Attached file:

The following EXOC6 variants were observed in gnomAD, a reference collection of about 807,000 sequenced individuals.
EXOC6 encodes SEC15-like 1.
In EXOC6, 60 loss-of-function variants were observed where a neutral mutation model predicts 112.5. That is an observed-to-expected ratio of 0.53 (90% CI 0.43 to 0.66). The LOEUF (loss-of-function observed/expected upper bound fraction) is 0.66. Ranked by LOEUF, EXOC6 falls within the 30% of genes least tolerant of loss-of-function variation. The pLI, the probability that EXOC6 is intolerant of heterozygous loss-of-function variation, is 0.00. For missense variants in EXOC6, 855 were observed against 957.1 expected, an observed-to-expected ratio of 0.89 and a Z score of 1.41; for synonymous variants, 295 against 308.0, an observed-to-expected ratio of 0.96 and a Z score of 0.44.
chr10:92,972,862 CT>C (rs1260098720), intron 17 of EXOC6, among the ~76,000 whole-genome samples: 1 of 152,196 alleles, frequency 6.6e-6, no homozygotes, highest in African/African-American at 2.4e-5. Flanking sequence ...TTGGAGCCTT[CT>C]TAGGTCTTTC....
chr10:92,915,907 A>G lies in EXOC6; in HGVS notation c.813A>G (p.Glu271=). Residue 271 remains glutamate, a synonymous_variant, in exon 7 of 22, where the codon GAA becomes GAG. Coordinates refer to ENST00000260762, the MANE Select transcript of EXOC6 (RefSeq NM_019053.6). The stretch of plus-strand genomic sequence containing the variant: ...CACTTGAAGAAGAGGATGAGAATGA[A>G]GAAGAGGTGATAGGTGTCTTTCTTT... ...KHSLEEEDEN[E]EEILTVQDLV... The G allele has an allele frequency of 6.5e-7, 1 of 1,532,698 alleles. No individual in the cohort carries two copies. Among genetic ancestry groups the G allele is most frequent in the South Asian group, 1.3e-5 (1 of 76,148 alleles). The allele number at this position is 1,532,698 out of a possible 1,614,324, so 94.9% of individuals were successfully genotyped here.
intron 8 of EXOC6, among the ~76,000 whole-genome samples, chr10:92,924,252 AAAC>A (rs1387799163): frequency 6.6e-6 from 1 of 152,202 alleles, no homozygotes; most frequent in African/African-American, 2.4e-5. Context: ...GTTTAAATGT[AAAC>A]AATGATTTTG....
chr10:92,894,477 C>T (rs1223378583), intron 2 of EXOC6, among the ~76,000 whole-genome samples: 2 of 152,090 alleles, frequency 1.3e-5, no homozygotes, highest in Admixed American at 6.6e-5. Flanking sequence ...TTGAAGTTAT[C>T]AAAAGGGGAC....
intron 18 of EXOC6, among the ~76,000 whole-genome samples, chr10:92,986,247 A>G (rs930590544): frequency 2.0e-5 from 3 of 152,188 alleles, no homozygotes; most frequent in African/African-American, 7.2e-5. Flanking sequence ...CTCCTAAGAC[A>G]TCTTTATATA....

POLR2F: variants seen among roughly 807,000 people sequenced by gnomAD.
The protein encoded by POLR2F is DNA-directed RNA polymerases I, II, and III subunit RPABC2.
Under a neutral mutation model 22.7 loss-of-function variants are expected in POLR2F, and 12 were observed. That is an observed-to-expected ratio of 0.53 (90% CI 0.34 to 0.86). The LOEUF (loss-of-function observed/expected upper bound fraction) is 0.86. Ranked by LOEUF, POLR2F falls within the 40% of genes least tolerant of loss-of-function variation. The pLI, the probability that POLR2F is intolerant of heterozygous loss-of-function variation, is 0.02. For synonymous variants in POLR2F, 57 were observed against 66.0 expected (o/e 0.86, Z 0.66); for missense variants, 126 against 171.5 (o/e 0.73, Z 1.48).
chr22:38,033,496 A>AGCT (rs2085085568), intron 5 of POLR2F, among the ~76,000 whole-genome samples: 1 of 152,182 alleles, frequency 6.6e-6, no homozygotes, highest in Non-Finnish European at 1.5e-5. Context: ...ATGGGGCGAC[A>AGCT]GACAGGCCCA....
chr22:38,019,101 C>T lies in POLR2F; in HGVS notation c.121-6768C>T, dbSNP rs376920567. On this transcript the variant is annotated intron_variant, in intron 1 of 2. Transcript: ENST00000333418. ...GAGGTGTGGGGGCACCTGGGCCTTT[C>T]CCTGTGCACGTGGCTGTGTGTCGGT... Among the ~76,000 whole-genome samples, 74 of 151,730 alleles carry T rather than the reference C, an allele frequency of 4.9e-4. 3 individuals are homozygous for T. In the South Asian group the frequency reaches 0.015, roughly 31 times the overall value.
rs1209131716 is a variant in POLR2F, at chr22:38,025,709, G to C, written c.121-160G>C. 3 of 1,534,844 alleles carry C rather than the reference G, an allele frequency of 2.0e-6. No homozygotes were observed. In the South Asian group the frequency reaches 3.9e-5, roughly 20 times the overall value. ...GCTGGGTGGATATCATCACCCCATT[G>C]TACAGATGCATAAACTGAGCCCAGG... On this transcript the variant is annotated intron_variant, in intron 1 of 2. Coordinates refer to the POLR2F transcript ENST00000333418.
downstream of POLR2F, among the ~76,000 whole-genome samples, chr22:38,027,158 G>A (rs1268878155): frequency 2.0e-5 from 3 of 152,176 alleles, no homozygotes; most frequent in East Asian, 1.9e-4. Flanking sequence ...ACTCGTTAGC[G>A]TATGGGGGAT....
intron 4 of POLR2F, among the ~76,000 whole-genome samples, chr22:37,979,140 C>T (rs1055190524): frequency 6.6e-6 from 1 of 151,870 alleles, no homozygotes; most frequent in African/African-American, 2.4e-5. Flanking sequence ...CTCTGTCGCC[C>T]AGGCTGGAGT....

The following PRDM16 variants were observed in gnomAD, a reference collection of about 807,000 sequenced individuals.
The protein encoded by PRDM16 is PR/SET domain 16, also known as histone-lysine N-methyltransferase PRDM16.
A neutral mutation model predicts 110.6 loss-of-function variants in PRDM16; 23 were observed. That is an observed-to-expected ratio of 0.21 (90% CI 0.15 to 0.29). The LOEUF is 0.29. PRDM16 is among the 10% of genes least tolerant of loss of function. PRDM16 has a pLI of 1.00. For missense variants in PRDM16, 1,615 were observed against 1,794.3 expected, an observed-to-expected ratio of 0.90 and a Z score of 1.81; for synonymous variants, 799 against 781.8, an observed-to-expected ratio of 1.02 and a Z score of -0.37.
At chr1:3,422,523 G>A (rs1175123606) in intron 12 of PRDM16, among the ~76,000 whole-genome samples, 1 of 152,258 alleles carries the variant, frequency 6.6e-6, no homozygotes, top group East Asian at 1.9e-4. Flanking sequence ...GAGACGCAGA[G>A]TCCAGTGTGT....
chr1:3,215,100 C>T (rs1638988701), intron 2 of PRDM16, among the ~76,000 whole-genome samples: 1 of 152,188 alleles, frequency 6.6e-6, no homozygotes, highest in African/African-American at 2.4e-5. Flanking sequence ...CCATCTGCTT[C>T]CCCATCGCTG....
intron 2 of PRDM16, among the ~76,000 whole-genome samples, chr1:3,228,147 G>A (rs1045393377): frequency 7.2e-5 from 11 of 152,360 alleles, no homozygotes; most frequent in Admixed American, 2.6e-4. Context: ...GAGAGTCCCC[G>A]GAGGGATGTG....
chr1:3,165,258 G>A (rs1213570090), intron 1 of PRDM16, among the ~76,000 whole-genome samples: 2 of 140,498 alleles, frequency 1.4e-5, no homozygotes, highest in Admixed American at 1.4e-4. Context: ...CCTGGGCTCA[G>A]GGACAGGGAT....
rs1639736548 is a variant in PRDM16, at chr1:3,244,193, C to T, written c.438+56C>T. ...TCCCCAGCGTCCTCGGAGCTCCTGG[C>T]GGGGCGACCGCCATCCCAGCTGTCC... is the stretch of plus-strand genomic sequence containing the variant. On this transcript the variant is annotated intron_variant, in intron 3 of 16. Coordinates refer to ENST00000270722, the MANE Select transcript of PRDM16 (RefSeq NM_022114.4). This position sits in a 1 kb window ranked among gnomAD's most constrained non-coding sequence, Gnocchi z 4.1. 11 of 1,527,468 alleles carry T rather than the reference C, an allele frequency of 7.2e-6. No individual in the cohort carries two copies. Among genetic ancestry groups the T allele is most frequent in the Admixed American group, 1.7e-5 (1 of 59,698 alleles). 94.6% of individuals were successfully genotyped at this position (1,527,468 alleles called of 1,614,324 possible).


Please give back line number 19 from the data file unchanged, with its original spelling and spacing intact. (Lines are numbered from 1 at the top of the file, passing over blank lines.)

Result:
A neutral mutation model predicts 110.6 loss-of-function variants in PRDM16; 23 were observed. That is an observed-to-expected ratio of 0.21 (90% CI 0.15 to 0.29). The LOEUF is 0.29. PRDM16 is among the 10% of genes least tolerant of loss of function. PRDM16 has a pLI of 1.00. For missense variants in PRDM16, 1,615 were observed against 1,794.3 expected, an observed-to-expected ratio of 0.90 and a Z score of 1.81; for synonymous variants, 799 against 781.8, an observed-to-expected ratio of 1.02 and a Z score of -0.37.